- Plans require the use of the best available scientific information to inform the planning process and documentation of how science was used in the plan.
- The planning framework provides a more efficient and adaptive process for land management planning, allowing the Forest Service to respond to changing conditions.
"This approach requires plans to conserve and restore watersheds and habitats while strengthening community collaboration during the development and implementation of individual plans," said U.S. Forest Service Chief Tom Tidwell. "Under our preferred alternative, plan revisions would take less time, cost less money, and provide stronger protections for our lands and water. Finalizing a new rule will move us forward in managing our forests and grasslands, and will create or sustain jobs and income for local communities around the country."
Continuing the strong emphasis USDA and the Forest Service have placed on public engagement throughout this rule-making effort, USDA is forming a Federal Advisory Committee to advise the Secretary on implementation of the final rule. The call for nominations for this committee was published in the Federal Register on January 5, 2012 and will close on February 21, 2012.
"We value the input we have received from the public throughout this process," said Agriculture Under Secretary for Natural Resources and Environment Harris Sherman. "This preferred alternative is a positive framework that will allow the Forest Service to more effectively restore our natural resources, support the economy, and adapt to changing conditions."
The planning rule provides the framework for Forest Service land management plans for the 155 forests, 20 grasslands and 1 prairie in the National Forest System. A final rule, when selected, would update planning procedures that have been in place since 1982, creating a modern planning process that reflects the latest science and knowledge of how to create and implement effective land management plans. Revisions of the land management plans would take less time and cost less money under the preferred alternative than under the current 30-year-old procedures, while achieving better results for people and the environment.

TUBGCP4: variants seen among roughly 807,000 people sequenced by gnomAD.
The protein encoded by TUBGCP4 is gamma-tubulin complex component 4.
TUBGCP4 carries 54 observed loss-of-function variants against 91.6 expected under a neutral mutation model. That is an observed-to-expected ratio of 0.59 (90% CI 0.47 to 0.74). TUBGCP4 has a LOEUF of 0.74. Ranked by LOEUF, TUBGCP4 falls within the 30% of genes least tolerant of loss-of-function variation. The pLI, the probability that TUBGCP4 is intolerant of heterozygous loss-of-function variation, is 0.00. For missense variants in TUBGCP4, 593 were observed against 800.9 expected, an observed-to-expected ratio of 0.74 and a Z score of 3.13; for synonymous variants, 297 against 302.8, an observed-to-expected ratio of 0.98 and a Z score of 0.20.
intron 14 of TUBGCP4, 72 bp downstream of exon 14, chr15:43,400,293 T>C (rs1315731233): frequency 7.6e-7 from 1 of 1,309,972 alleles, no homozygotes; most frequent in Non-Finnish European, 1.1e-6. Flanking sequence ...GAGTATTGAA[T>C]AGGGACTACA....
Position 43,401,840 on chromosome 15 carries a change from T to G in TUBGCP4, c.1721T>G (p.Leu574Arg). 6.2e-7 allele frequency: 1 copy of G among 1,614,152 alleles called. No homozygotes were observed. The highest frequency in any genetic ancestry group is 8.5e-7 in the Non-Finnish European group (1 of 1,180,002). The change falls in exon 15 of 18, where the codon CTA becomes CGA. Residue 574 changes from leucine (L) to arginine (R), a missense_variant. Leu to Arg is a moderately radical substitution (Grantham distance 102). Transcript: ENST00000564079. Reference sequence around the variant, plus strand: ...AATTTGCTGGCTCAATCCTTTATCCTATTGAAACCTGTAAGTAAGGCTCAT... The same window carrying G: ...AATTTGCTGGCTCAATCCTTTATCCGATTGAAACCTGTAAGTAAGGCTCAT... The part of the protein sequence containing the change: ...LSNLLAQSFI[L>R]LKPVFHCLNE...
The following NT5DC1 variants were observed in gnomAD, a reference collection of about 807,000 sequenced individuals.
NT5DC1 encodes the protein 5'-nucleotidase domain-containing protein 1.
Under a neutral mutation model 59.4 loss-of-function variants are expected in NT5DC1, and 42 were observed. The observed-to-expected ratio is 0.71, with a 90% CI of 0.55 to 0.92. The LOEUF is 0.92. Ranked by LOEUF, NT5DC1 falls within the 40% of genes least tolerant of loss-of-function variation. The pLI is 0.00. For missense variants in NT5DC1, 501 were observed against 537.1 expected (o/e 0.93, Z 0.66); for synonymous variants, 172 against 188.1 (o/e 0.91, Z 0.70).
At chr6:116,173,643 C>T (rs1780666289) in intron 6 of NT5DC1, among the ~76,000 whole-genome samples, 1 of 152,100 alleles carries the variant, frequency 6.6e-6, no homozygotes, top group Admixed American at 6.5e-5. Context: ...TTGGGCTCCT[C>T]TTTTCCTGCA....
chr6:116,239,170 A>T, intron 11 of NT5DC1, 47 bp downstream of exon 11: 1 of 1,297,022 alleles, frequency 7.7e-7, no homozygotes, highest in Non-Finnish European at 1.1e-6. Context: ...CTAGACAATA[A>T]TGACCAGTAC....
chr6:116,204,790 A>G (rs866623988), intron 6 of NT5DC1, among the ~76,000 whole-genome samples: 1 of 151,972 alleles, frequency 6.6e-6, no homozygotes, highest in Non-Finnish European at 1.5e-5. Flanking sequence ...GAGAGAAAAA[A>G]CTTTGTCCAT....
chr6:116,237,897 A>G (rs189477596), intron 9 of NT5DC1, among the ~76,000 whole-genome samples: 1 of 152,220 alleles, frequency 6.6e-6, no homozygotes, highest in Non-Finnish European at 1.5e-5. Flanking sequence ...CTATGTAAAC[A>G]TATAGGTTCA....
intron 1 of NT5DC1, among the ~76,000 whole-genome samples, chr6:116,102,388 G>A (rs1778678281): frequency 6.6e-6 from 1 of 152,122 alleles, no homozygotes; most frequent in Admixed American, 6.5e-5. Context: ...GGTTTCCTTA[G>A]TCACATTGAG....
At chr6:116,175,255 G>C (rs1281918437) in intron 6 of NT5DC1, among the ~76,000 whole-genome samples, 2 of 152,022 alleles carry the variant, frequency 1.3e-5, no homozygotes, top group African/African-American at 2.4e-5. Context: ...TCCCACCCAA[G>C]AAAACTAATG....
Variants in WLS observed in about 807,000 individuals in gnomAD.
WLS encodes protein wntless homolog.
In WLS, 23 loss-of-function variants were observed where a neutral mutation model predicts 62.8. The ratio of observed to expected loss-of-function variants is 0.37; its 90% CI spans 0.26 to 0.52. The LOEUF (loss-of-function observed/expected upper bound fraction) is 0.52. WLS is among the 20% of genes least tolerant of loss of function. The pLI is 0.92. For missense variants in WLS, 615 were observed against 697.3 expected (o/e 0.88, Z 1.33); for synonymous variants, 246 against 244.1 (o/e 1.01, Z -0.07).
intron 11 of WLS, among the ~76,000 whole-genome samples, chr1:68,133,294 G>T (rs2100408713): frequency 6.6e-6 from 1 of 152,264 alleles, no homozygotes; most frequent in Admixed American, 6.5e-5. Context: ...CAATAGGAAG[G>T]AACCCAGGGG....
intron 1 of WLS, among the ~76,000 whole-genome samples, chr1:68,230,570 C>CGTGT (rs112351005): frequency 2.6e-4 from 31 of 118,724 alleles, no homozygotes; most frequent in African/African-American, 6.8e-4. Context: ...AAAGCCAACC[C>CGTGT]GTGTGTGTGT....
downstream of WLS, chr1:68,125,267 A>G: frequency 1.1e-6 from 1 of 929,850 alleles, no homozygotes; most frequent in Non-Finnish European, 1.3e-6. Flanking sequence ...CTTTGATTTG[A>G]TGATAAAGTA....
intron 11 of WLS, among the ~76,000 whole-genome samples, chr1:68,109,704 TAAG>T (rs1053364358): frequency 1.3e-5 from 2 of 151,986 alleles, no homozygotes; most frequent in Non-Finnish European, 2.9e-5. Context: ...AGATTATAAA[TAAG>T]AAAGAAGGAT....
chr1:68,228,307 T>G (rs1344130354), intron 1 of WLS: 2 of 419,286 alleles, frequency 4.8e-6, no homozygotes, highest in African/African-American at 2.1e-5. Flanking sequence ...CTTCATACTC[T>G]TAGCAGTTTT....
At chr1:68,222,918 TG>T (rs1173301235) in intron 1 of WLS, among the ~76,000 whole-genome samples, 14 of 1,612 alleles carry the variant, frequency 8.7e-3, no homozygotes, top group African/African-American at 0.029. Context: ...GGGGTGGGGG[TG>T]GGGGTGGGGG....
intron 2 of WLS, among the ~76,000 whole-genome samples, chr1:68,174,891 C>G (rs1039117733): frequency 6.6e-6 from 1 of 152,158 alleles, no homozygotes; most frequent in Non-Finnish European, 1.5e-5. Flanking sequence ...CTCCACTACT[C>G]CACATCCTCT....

The mission of the U.S. Forest Service is to sustain the health, diversity, and productivity of the nation's forests and grasslands to meet the needs of present and future generations. The agency manages 193 million acres of public land, provides assistance to state and private landowners, and maintains the largest forestry research organization in the world.
USDA works with state and local governments and private landowners to conserve and protect our nation's natural resources – helping preserve our land, and clean our air and water. President Obama launched the America's Great Outdoors initiative in 2010 to foster a 21st century approach to conservation that is designed by and accomplished in partnership with the American people. During the past two years, USDA's conservation agencies—the Natural Resources Conservation Service, the U.S. Forest Service, and the Farm Service Agency—have delivered technical assistance and implemented restoration practices on public and private lands. We are working to better target conservation investments: embracing locally driven conservation and entering partnerships that focus on large, landscape-scale conservation.